Bird died trying to kick his habit. He tried to kick it the wrong way, by drinking whiskey. The whiskey is the thing that killed him. The heroin was preserving him — the heroin did not kill him. He tried to do what people asked him to do, that's why he's not here today. After a man shoots dope for fourteen years, how you gonna stop him? His system cries for it. If he uses it, the heroin will preserve him, it won't destroy him. I know he died trying to do what society asked him to do, which is impossible. Our society has to find out that the people who are using dope are not crazy or criminal, they are sick people. This man had been sick for fourteen years and nobody would help him because they didn't know. They didn't know he was sick. They don't understand heroin. You do not play better with heroin but you do hear better. Bird said that he wanted to kick the habit so that he could tell people what he heard. It is something like a neurotic. While he is suffering, he cannot produce; but reflecting about his pain, he can create. Musicians who have been junkies and then rid themselves of the habit, have sometimes really then come into their own musically.
The late Oscar Pettiford was a pioneer in modern jazz and is unquestionably one of the great bassists in jazz history. He was born on an Indian reservation at Okamulgee, Oklahoma, one of thirteen children of Harry 'Doc' Pettiford, who led one of the most successful territory bands in the Southwest, a band in which most of his talented children started playing. Pettiford worked with Charlie Barnet's band, and in 1943 he and Dizzy Gillespie led a bop group, the first on 52nd Street, with Don Byas, George Wallington and Max Roach. Pettiford has worked with Duke Ellington, and led his own groups, large and small.
“I got started at six, when I used to dance with my father's band. When I was seventeen, I had a bit role with Olson and Johnson in Minneapolis. Before I settled on bass, I played piano, trombone, and trumpet (which hurt my jaws), and I studied tailoring in case the music business ever got tough.
When I first met Parker he was with the Jay McShann band, and they came out to Minneapolis where I was playing in my father's band; that was around 1940-41. I was around sixteen years old. Everyone, Jay and the band, respected and loved Charlie Parker; he wasn't called Yardbird or Bird then. Everyone dug his playing; he had a happy sound. I saw him again in Earl Hines' band in 1943; they were in Chicago, and Diz was in the band too.
I got word that time that I could be in a jam session with Bird and Diz, and I walked two miles carrying my bass without gloves in ten below zero weather to the Ritz Hotel. It was a fine session. I remember a fellow named Red Cross taped the session. He works for Billy Eckstine; maybe he still has it.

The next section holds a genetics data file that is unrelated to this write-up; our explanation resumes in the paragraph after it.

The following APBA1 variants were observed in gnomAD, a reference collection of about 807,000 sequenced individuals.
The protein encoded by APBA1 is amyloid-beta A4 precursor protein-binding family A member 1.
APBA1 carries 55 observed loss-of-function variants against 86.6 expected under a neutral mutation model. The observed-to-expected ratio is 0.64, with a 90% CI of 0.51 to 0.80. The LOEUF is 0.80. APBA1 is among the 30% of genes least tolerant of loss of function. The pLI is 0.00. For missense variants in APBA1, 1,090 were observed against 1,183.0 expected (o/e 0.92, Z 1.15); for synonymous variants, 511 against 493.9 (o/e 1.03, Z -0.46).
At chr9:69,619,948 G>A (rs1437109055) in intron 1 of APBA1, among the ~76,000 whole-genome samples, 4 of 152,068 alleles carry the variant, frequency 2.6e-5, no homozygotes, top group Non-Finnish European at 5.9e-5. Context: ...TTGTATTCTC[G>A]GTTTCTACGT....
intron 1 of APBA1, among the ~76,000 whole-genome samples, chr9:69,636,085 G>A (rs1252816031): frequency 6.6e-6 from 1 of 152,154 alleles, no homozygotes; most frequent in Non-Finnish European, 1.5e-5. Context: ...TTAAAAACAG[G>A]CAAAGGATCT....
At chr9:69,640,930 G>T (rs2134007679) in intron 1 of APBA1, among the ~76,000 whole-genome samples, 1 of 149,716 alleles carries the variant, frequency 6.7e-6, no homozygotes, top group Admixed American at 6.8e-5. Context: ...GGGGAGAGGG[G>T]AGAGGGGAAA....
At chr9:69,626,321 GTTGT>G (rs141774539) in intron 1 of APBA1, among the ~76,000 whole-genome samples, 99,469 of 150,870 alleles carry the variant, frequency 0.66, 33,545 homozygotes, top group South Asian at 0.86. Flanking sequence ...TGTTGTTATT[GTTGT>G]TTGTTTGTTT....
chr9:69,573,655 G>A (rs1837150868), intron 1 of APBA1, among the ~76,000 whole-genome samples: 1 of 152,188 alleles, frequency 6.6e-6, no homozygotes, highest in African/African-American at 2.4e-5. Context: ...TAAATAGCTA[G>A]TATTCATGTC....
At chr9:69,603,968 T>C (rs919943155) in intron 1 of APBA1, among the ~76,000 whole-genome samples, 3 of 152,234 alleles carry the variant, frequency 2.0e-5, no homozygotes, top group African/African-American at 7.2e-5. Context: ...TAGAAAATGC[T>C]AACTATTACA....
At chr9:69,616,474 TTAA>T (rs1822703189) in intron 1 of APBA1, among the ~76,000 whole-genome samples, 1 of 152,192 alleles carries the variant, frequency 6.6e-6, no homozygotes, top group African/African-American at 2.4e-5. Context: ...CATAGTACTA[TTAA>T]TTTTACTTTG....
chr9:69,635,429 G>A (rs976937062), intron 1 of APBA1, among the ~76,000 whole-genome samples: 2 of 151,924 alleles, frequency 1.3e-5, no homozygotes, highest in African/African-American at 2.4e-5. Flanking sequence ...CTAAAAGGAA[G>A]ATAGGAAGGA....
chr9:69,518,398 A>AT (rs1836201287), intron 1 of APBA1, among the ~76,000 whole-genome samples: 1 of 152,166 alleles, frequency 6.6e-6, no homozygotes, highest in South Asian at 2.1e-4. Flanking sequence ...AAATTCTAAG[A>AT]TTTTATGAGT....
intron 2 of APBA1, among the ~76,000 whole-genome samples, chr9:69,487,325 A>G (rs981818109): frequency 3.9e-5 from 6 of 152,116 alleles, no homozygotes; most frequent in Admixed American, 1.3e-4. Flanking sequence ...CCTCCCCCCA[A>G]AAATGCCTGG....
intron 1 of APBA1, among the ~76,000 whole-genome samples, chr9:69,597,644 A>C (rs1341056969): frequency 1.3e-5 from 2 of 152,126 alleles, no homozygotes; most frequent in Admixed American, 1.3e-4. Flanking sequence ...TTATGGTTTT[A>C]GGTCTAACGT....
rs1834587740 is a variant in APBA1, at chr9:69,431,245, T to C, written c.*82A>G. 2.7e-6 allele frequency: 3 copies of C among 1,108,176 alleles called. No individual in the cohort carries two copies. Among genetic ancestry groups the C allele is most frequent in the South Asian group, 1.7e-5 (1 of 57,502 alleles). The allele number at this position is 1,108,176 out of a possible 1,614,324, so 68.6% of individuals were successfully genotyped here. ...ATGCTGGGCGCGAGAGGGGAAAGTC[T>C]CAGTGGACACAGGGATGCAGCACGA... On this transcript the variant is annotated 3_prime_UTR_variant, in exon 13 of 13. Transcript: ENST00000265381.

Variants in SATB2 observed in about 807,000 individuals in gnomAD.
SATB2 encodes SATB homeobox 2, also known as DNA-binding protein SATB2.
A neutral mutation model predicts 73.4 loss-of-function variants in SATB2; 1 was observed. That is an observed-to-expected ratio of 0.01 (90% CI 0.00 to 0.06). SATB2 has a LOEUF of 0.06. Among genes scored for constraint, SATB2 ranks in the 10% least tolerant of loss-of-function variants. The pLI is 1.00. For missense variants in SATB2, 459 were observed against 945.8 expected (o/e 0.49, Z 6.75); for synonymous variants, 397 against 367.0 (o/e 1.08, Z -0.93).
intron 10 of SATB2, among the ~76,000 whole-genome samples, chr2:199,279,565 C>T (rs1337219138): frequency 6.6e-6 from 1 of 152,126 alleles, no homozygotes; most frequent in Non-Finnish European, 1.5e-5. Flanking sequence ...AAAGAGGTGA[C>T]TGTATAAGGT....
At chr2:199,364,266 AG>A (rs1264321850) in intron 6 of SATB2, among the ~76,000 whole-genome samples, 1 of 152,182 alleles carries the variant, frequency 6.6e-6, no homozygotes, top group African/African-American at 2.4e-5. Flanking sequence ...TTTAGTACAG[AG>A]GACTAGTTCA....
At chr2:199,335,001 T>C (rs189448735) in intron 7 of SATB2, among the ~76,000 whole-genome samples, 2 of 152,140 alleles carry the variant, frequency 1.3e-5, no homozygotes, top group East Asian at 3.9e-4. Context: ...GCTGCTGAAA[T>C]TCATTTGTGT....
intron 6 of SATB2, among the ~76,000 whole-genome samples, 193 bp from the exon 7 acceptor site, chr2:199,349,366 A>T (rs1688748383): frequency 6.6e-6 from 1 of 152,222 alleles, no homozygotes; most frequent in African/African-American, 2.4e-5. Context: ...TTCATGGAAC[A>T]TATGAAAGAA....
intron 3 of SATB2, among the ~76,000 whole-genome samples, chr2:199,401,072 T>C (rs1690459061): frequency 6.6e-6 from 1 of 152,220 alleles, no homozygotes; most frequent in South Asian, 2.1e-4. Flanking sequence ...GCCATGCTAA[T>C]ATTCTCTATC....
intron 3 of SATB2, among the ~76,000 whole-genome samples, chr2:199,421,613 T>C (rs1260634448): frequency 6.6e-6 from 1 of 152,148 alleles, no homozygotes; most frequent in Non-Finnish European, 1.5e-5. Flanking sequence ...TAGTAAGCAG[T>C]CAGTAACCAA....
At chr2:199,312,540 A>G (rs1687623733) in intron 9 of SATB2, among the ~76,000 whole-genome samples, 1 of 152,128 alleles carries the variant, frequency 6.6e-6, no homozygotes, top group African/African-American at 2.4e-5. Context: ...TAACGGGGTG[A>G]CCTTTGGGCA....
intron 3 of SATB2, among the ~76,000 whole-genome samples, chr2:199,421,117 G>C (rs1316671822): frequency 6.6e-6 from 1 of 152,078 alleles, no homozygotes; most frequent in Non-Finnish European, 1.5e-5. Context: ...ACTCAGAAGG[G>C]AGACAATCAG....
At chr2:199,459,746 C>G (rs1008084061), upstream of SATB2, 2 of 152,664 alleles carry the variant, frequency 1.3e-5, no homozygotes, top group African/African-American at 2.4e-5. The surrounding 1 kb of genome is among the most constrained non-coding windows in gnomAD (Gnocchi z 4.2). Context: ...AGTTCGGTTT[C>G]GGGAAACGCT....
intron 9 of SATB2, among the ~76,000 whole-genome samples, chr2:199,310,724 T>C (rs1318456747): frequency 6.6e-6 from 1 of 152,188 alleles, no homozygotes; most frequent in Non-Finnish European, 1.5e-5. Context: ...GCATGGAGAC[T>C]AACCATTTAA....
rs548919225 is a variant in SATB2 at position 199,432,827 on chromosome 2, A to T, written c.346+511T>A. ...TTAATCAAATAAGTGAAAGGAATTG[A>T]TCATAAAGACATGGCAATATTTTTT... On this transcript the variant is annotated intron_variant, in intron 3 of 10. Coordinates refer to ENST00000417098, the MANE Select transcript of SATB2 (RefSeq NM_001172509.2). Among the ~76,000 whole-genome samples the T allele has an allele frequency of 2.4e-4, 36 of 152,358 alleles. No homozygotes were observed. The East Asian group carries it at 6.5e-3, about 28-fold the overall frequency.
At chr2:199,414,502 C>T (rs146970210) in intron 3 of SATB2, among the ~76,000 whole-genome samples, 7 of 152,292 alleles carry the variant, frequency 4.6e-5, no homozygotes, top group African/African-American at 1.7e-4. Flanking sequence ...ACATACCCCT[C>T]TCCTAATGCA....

In 1943 I met Bird again. I was with the Charlie Barnet band, and we were playing at the Capitol Theatre. Bird was with the Earl Hines band playing at the Apollo Theatre. We were both registered at the Braddock Hotel on 126th Street and 8th Avenue. This was a hotel where a lot of musicians stayed in town. Bird and I did a lot of jamming at the hotel.
He was writing a lot of things then. Dizzy Gillespie and I went looking up and down 52nd Street for work in 1943. We turned down $75 a week apiece offered by Kelly's Stables. I had worked at the Onyx club before, and I was good friends with the owner, Mike Westerman, so I asked him if I could be re-engaged. I was welcomed back gladly. I said "Make it a Diz group." And Diz said "Make it your group because you got the job." So we made it the Gillespie-Pettiford group. We wanted Bird to come in the group, but he didn't have a union card. He never seemed to have a card. He didn't stay in town long enough. There's a local 802 regulation that says a musician must wait in town six months for his card. For the first three months he may be able to work at a steady job with union approval as long as he is in town.
Bird was always broke, and he would have to work jobs out of town to make quick money. He continually borrowed. Dizzy always allotted part of his pay to him. Nobody ever expected it back — never got it. Nobody ever did. One musician said laughing, "To know Bird you got to pay your dues." I never knew Bird to lend money to anyone. Anyone. Once when I was flat, I asked for some of the money that Bird owed me. I never got it. He was so likeable that you didn't mind being generous with him. At this time Billy Eckstine and Dizzy Gillespie were Bird's closest friends. Bird dug Eckstine's singing very much.”
Vol. 4 No. 1
“I met Charlie Parker for the first time in 1939, when I was with Cab Calloway. We were introduced by a Kansas City trumpet player, Buddy Anderson, one of the trumpet players of that time who was trying to do something new. I dug Buddy immediately. He tried to play chords that were making preparations for going into another chord. He made up his own variations on another chord. He was with the Jay McShann band that time, you know, when they came to New York.
Was that so unusual then? Using these different chords? Trumpet players at that time, they just didn't think like saxophone players, like Benny Carter and people like that. I mean, I didn't know any. There were trumpet players then who were doin' that maybe, but they weren't making recordings, and it wasn't so easy for people to emulate their styles. Does that mean you weren't so surprised to hear that kind of things from saxophone players? Well, yeah. Saxophone players generally knew more music than trumpet players.